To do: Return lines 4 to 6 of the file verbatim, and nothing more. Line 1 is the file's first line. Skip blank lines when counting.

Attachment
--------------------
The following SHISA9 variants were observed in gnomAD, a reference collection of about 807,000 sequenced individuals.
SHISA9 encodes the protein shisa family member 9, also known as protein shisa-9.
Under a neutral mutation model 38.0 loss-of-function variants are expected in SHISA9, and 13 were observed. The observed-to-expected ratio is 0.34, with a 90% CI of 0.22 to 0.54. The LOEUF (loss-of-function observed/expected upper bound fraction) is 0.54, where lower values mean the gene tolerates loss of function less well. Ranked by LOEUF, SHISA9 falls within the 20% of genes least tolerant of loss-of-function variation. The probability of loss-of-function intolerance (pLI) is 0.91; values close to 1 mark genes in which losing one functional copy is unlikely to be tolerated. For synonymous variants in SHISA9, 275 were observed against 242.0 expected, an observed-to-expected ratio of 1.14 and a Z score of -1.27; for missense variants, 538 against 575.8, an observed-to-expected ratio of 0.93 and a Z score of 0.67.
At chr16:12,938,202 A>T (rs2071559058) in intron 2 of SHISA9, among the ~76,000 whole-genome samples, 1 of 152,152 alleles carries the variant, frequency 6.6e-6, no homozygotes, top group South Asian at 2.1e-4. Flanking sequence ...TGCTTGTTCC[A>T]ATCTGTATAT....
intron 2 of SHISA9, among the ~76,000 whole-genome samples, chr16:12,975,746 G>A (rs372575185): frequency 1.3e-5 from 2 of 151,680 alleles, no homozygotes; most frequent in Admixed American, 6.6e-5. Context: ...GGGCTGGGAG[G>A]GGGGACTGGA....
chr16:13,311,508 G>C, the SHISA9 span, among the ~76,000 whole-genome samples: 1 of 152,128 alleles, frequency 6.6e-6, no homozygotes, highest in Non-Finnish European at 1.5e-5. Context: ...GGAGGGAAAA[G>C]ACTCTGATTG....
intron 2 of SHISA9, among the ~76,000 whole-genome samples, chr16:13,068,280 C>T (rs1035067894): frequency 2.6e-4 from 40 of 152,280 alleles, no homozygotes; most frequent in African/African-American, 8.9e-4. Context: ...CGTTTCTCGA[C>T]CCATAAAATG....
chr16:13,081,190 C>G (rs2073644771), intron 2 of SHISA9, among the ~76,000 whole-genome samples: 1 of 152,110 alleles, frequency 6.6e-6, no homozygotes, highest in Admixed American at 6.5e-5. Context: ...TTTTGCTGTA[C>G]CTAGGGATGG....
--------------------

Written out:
At chr16:12,938,202 A>T (rs2071559058) in intron 2 of SHISA9, among the ~76,000 whole-genome samples, 1 of 152,152 alleles carries the variant, frequency 6.6e-6, no homozygotes, top group South Asian at 2.1e-4. Flanking sequence ...TGCTTGTTCC[A>T]ATCTGTATAT....
intron 2 of SHISA9, among the ~76,000 whole-genome samples, chr16:12,975,746 G>A (rs372575185): frequency 1.3e-5 from 2 of 151,680 alleles, no homozygotes; most frequent in Admixed American, 6.6e-5. Context: ...GGGCTGGGAG[G>A]GGGGACTGGA....
chr16:13,311,508 G>C, the SHISA9 span, among the ~76,000 whole-genome samples: 1 of 152,128 alleles, frequency 6.6e-6, no homozygotes, highest in Non-Finnish European at 1.5e-5. Context: ...GGAGGGAAAA[G>C]ACTCTGATTG....